Yesterday I attended the DPC event on preservation metadata which focused on the PREMIS and METS standards. Coming at a time when I am reviewing various systems and software for managing digital archives and research data this was quite timely. The main message I took away from the day is that the key to actually creating and managing this metadata as ever is having the necessary tools!
|Jelly Beans by kayaker1204, on Flickr|
- lots of these were consumed yesterday!
Earlier this year with the help of an intern we collected together digital media deposited with the Borthwick Institute and got the data safely stored on our digital archive file store. For the time being, the metadata I am holding about these files is pretty limited (I am currently working to level one of the NDSA Levels of Digital Preservation – metadata comes further down the line so I’m temporarily off the hook!).
I do have some technical metadata for files (MD5 checksums and output from DROID) however, the need to have a system in place to hold information about preservation actions is becoming more pressing. Working on the premis that doing something is better than doing nothing, there have been certain files that I have already been compelled to migrate to file formats more suitable for long term archiving. Documenting these kinds of actions is an essential part of any digital archivists job but my problem at the moment is that I have no proper system in which to hold this information.
The benefits of using PREMIS are clear. As a couple of the speakers at yesterday's event stated, it provides a metadata schema that includes all things “that most working preservation repositories are likely to need to know to support digital preservation”. It is flexible enough that you can pick and choose from the elements, using only those that you require. If this is the case then I do not see a reason to re-invent the wheel and design a new schema to record the technical metadata and preservation actions that I need to record.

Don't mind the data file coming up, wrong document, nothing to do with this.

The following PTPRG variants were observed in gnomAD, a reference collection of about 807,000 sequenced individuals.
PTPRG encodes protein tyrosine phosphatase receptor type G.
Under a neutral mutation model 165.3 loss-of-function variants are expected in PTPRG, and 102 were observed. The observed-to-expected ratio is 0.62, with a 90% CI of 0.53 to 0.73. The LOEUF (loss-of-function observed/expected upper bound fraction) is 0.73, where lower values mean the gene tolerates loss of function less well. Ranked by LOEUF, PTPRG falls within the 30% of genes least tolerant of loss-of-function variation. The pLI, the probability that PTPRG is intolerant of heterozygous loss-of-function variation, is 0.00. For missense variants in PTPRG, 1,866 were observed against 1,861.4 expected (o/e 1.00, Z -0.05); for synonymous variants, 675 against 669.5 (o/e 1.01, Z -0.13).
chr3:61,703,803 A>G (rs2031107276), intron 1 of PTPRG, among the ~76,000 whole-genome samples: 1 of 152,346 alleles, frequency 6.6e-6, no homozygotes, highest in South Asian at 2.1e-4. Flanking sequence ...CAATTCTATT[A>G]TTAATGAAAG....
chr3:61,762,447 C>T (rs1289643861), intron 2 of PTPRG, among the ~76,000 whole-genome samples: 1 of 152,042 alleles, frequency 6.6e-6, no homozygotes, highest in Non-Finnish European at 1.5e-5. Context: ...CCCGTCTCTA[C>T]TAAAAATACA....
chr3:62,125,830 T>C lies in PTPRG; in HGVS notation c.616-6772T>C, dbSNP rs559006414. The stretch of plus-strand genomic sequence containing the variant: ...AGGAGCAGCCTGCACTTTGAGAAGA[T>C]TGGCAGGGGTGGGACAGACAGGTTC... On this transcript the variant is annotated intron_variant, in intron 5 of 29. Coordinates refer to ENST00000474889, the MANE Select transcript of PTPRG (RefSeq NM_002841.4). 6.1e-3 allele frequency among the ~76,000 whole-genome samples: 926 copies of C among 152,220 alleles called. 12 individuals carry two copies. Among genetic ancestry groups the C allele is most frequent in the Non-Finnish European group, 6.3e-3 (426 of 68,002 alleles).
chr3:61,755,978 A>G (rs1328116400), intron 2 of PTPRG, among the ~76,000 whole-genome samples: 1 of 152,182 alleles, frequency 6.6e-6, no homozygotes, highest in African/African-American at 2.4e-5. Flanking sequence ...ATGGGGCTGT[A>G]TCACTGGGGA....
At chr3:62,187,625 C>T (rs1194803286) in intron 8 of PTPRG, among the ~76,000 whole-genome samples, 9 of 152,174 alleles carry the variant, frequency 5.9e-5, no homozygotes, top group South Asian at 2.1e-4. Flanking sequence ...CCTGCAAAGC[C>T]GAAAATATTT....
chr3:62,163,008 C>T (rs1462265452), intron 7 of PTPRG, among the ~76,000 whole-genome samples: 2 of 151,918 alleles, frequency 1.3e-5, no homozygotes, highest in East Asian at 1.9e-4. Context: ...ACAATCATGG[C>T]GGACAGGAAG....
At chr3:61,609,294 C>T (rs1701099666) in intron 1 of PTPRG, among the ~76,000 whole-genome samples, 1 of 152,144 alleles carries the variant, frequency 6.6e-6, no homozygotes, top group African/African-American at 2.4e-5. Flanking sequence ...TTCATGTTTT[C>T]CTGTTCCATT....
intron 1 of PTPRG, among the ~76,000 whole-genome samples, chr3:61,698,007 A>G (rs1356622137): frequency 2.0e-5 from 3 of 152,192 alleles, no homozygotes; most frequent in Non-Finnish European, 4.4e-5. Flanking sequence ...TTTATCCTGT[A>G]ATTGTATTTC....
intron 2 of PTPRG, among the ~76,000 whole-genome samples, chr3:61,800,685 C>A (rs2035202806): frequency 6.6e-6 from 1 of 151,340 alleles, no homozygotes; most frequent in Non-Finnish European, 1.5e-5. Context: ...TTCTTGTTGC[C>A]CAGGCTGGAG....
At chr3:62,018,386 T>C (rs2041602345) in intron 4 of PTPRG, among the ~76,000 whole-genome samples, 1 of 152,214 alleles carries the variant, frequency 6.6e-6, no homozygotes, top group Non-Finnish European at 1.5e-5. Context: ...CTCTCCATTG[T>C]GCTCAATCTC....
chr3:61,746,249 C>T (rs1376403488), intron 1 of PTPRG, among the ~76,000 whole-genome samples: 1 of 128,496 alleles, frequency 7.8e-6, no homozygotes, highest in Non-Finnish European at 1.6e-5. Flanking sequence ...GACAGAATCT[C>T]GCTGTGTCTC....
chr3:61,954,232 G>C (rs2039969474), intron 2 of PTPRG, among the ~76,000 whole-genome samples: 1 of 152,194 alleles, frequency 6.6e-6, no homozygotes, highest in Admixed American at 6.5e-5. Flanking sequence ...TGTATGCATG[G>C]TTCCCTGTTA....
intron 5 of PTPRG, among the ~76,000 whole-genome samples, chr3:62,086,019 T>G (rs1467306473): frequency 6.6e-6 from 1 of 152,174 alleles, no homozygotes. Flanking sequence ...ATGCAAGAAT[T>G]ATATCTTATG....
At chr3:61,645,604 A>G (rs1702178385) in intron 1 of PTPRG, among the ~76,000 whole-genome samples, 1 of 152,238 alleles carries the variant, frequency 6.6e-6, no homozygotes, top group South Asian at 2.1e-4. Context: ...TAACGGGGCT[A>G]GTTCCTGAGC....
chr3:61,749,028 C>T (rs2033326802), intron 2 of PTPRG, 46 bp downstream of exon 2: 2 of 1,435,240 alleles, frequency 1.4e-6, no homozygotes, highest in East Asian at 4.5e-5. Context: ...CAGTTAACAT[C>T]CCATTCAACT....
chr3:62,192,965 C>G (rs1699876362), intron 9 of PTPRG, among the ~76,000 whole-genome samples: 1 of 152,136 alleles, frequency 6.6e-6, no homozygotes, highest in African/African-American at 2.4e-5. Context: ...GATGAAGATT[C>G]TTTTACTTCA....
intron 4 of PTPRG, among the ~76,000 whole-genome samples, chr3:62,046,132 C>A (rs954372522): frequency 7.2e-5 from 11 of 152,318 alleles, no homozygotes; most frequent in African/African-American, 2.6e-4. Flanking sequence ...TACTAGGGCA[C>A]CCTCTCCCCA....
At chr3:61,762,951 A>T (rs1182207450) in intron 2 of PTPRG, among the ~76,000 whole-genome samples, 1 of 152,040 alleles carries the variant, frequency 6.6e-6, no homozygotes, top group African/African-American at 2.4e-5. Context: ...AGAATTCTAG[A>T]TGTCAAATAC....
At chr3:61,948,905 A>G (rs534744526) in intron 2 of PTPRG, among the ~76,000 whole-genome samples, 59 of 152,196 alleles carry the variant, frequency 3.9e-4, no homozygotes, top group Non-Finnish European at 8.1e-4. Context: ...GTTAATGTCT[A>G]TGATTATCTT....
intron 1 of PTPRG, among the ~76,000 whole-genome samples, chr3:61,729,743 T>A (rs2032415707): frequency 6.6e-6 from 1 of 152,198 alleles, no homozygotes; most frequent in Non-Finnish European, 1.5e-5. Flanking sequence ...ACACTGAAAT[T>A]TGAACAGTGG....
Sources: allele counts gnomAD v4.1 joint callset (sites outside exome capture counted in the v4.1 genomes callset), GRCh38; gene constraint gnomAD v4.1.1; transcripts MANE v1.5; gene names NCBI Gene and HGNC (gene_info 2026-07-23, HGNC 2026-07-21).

So what is stopping me from starting to use this today? Firstly a confession – I like databases. Given the choice I would much rather work with databases than XML. This isn’t a problem in itself. Rob Sharpe from Tessella explained that a system can be externally PREMIS compliant even if PREMIS isn’t used internally. So long as the metadata recorded by an archive can be mapped to PREMIS then PREMIS XML could be exported and made available to others.
Following on from this, it should not really matter whether you prefer databases or XML so long as you have the right tools for the job. A preservation system in which much of the preservation metadata is automatically generated and where a user-friendly interface is provided for the creation and editing of preservation metadata would be the ideal. How the data is stored behind the scenes is not so important as long as you know you are storing the right bits of information.
Fortunately there are several digital preservation tools into which PREMIS is incorporated. Some of these such as Rosetta and Archivematica are already on my list of systems to look at. Armed with the knowledge I gained yesterday (and a pocket full of jelly beans) I am in a good position to push forward with my investigations.